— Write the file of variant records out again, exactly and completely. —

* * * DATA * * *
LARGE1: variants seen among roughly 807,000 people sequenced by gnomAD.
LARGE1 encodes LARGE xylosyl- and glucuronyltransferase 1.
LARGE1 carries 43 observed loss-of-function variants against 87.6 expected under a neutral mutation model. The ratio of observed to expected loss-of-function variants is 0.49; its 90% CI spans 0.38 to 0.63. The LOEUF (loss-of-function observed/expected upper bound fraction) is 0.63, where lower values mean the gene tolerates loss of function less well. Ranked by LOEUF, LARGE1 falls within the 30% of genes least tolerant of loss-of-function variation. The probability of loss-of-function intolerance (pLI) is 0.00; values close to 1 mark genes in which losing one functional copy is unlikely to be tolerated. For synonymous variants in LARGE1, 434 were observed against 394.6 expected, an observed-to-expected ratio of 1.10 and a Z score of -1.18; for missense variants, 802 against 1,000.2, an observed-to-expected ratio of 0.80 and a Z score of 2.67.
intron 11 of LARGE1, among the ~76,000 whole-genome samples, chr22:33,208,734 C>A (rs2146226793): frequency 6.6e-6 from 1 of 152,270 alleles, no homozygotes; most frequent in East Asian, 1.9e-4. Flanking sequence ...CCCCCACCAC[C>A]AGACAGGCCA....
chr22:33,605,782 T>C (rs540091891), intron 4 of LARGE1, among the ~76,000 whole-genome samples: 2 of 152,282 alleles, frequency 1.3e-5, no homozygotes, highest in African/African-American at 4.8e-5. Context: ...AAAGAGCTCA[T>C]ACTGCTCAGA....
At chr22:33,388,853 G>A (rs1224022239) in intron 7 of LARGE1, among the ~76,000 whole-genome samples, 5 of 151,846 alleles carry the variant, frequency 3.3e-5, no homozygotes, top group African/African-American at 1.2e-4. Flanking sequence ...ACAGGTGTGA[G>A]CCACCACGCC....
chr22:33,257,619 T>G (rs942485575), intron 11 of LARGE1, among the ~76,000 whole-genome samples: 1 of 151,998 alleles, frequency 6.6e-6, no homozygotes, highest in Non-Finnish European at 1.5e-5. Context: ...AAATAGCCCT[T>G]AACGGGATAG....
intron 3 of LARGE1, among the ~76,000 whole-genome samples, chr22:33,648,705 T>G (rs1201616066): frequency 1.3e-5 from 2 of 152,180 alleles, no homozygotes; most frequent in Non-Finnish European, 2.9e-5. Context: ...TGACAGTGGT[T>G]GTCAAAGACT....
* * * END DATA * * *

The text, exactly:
LARGE1: variants seen among roughly 807,000 people sequenced by gnomAD.
LARGE1 encodes LARGE xylosyl- and glucuronyltransferase 1.
LARGE1 carries 43 observed loss-of-function variants against 87.6 expected under a neutral mutation model. The ratio of observed to expected loss-of-function variants is 0.49; its 90% CI spans 0.38 to 0.63. The LOEUF (loss-of-function observed/expected upper bound fraction) is 0.63, where lower values mean the gene tolerates loss of function less well. Ranked by LOEUF, LARGE1 falls within the 30% of genes least tolerant of loss-of-function variation. The probability of loss-of-function intolerance (pLI) is 0.00; values close to 1 mark genes in which losing one functional copy is unlikely to be tolerated. For synonymous variants in LARGE1, 434 were observed against 394.6 expected, an observed-to-expected ratio of 1.10 and a Z score of -1.18; for missense variants, 802 against 1,000.2, an observed-to-expected ratio of 0.80 and a Z score of 2.67.
intron 11 of LARGE1, among the ~76,000 whole-genome samples, chr22:33,208,734 C>A (rs2146226793): frequency 6.6e-6 from 1 of 152,270 alleles, no homozygotes; most frequent in East Asian, 1.9e-4. Flanking sequence ...CCCCCACCAC[C>A]AGACAGGCCA....
chr22:33,605,782 T>C (rs540091891), intron 4 of LARGE1, among the ~76,000 whole-genome samples: 2 of 152,282 alleles, frequency 1.3e-5, no homozygotes, highest in African/African-American at 4.8e-5. Context: ...AAAGAGCTCA[T>C]ACTGCTCAGA....
At chr22:33,388,853 G>A (rs1224022239) in intron 7 of LARGE1, among the ~76,000 whole-genome samples, 5 of 151,846 alleles carry the variant, frequency 3.3e-5, no homozygotes, top group African/African-American at 1.2e-4. Flanking sequence ...ACAGGTGTGA[G>A]CCACCACGCC....
chr22:33,257,619 T>G (rs942485575), intron 11 of LARGE1, among the ~76,000 whole-genome samples: 1 of 151,998 alleles, frequency 6.6e-6, no homozygotes, highest in Non-Finnish European at 1.5e-5. Context: ...AAATAGCCCT[T>G]AACGGGATAG....
intron 3 of LARGE1, among the ~76,000 whole-genome samples, chr22:33,648,705 T>G (rs1201616066): frequency 1.3e-5 from 2 of 152,180 alleles, no homozygotes; most frequent in Non-Finnish European, 2.9e-5. Context: ...TGACAGTGGT[T>G]GTCAAAGACT....